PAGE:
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Natalie: I definitely think it’s some crisis that’s mostly been running parallel to the events of Wayward Son, though I wouldn’t be surprised if their actions in middle America (and the aforementioned outing via Ren Faire battle) had some impact.

Considering that the trio were all at least a year out of their time at Watford at the start of the book, it would be really interesting if the crisis at Watford is something about which they’re completely out of the loop—if going back to a place where they lived for years is nearly as foreign as stepping on American soil.

How did you feel about that ending?

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Natalie: I read this entire book expecting it to be concluding a duology, so even when we got to the ostensible cliffhanger of an ending I initially thought maybe it was meant to be open-ended—that Simon and Baz would or wouldn’t resolve their individual issues, that there would always be an emergency to draw their attention away from fixing their relationship. That would have felt a bit too unsatisfying for me. Now that we know there’s a third book in the works, I’m more onboard with ending on a “to be continued…”

Kayti: As I got closer to the ending, I think I began to realize that this would not be the end of the series, but I still expected more from this ending: more of an emotional confrontation, of some kind, even if it ended in Simon and Baz breaking up. Simon’s intention to break up with Baz stated in the very beginning of the book felt a bit like a Chekhov’s gun that never went off.

Natalie: You’re right! The fact that they didn’t address anything about their relationship nagged at me—like, even if they’re as bad at being together as they each seem to think, it seemed truly surprising that after nearly dying a half-dozen times over they decided to stay in this weird cautious detente.

What do you want to see explored in the next book?

Kayti: I was expecting the question of Simon’s parentage to play more of a role in Wayward Son—if not in Agatha inadvertently giving Team Snow the information about Lucy that would probably allow Penny or Baz to put the pieces together, then in Simon wondering more about it himself. I’m still not clear how much he knows about The Mage’s machinations. Does he realize that the Mage was his biological father?

I’d also like to learn more about Baz’s family. We get hints of him in Carry On, most especially his Aunt Fiona, who is a force to be reckoned with in the fandom world. How has Baz’s relationship with Simon affecting his relationship with his family, if it has? Is he close with his siblings?

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Natalie: I… completely forgot that Simon doesn’t know everything about the Mage’s plan, so yes I would like to see this resolution as well.

I’d like to see each of the characters struggle with fitting into a post-Watford world in adulthood: Agatha with some righteous anger, Penny examining her magickal privileges, and Simon and Baz comparing their relative support systems in the form of family.

I’d also like to see the magickal world change. Wayward Son proved that there are some cracks in how the magicians harnessed magic and built their identity around it; but it seems like in some ways they need to get with the times. Like, now that Simon is no longer the Chosen One, how does that affect an entire magickal world that was half-expecting to get wiped out at any time?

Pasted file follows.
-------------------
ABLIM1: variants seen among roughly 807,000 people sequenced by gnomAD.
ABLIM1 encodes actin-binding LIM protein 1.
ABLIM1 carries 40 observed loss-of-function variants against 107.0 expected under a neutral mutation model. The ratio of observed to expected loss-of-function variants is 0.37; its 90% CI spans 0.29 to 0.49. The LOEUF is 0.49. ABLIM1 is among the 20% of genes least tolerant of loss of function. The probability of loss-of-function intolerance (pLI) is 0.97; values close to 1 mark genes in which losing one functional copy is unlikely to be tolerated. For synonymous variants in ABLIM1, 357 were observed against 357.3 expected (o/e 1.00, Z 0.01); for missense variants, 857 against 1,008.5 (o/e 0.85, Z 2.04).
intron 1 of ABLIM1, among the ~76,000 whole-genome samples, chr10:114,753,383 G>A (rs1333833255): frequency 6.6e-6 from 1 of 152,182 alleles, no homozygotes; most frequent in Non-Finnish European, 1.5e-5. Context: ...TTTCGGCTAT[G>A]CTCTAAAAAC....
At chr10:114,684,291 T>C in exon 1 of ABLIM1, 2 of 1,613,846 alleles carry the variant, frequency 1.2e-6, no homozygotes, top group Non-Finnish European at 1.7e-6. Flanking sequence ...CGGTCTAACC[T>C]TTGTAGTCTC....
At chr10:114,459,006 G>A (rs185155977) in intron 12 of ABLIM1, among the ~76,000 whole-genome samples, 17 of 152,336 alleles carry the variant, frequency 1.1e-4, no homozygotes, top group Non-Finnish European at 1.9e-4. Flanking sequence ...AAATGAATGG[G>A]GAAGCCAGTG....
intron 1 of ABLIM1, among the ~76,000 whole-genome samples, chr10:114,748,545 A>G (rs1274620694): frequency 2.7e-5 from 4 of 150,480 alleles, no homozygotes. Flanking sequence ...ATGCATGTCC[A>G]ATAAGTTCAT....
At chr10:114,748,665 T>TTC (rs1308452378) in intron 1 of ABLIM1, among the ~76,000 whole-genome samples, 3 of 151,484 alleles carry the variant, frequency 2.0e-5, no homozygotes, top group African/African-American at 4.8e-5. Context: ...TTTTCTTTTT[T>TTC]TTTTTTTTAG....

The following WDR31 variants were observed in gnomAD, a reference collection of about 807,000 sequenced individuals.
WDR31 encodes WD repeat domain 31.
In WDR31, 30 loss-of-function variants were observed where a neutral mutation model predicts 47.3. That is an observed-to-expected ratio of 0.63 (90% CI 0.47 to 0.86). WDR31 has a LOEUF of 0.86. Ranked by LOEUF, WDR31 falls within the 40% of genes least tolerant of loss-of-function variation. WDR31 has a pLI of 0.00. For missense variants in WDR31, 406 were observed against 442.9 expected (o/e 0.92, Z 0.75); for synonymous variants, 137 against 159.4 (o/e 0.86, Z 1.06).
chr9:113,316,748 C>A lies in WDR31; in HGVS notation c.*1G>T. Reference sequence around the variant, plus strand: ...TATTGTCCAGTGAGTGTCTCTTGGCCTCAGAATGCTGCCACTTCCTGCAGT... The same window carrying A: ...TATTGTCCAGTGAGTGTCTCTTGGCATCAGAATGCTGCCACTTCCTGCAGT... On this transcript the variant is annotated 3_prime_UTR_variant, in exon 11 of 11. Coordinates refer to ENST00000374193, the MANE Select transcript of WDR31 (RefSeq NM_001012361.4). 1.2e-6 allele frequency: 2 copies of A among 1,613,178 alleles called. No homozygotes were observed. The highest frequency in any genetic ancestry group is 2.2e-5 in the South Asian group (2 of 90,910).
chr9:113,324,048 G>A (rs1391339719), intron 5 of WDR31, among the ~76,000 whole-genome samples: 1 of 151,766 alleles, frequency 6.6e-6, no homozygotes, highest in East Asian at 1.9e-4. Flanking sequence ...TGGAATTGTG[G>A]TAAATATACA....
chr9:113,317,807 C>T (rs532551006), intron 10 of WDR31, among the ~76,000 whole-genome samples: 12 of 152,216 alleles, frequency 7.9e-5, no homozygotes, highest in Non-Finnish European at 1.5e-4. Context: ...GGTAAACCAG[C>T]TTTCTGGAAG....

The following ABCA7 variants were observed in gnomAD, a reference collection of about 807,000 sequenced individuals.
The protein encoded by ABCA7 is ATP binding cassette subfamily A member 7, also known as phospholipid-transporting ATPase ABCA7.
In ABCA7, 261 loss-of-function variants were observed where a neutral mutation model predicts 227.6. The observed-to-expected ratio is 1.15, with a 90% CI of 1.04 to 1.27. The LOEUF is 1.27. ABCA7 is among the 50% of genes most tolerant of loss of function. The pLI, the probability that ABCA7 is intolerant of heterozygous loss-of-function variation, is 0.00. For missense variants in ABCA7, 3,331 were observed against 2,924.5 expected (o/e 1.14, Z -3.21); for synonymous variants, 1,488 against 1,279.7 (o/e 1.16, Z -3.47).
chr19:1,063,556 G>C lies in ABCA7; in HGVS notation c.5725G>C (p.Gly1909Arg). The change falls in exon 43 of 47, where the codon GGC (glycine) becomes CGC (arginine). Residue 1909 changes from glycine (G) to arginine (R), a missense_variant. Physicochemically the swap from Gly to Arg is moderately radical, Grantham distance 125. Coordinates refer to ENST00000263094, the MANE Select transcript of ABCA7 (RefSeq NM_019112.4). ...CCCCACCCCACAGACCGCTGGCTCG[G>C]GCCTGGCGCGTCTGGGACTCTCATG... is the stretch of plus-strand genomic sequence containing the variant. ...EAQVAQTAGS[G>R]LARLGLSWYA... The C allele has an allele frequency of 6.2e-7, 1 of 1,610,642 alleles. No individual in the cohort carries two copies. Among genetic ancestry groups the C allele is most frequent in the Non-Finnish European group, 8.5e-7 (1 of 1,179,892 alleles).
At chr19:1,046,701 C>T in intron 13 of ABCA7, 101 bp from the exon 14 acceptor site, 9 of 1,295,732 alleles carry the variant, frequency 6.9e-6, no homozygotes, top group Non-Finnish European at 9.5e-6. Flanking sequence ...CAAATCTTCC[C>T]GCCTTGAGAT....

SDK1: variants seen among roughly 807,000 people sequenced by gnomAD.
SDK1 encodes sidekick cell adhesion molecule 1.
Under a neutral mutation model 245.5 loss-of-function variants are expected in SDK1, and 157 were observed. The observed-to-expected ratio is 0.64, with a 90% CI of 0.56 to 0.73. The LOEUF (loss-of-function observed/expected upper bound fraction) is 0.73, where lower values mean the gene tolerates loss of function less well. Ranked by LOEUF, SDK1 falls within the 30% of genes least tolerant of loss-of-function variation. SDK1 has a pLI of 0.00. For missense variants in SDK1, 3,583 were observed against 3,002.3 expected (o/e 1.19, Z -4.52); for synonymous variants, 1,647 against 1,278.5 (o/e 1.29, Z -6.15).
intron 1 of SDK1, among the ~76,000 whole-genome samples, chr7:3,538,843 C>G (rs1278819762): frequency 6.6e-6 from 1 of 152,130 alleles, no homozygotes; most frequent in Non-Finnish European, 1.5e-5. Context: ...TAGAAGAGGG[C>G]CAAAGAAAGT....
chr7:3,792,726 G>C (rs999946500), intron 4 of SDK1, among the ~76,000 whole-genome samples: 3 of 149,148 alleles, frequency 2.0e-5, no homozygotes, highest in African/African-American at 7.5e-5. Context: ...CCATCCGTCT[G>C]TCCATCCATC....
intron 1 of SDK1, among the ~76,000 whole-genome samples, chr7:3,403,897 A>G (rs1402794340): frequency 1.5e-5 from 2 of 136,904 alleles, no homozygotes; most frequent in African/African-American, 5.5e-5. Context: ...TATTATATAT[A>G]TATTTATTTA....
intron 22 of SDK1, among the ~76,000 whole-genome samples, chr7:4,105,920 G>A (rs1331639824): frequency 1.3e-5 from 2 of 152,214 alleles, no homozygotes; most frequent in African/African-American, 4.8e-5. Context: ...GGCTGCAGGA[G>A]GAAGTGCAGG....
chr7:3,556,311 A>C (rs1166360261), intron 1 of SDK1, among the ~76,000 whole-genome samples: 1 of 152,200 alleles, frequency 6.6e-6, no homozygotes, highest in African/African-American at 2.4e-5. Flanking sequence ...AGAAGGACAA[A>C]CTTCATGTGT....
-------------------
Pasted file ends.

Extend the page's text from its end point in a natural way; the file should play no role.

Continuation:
Kayti: Yes to Agatha’s righteous anger and Penny’s examination of her magickal privilege!

The Final Question

How do you think Wayward Son compares to Carry On?

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Natalie: Carry On was so clearly in conversation with Harry Potter and Chosen One narratives—and subverted those story beats so brilliantly, from how spells are constructed to the Mage’s self-fulfilling prophecy—that it feels like a complete book.

Wayward Son felt like it didn’t know what kind of story it was: part culture-clash tour of magickal creatures of the U.S., part interrogation of its own established magic systems. And maybe that was by design! The characters are figuring out who they are now that they’ve broken the standard Chosen One narrative, so it stands to reason that the sequel would similarly be looking for itself. But it felt very much like a middle book; I will probably enjoy it more on a reread someday once I have the hindsight of knowing how the story ends.

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Kayti: Yeah, I am interested to see how I feel about this book after I read the third one in the trilogy, but I am also a big believer in all respective works of a larger series (whether it is in book, TV, or movie form) having to stand on their own, which I am not sure that Wayward Son does. It’s possible that Wayward Son was never going to be as revelatory a reading experience as Carry On, and the ways in which it used some of the best qualities of fanfiction culture to challenge, expand, and contextualize some of the problematic and/or unexplored aspects of the Harry Potter series, in particular when it comes to trauma.

That being said, I think Rowell’s ambitions with this one—to explore depression and what comes after The Chosen One wins—is just as brilliant an idea as what she was working with in Carry On, but one that wasn’t given the time or space to be adequately explored.

Natalie: Really well put. I think we were all expecting more drawing upon fanfiction culture (something that I will note that Tamsyn Muir’s Harrow the Ninth succeeds in doing as a follow-up to Gideon the Ninth) when instead this is an entirely different animal. If anything, I would love to see Any Way the Wind Blows build on Wayward Son’s conversation about mental health and moving on, so that the third book is closer to the second than the first.

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Kayti Burt is a staff editor covering books, TV, movies, and fan culture at Den of Geek. Read more of her work here or follow her on Twitter @kaytiburt.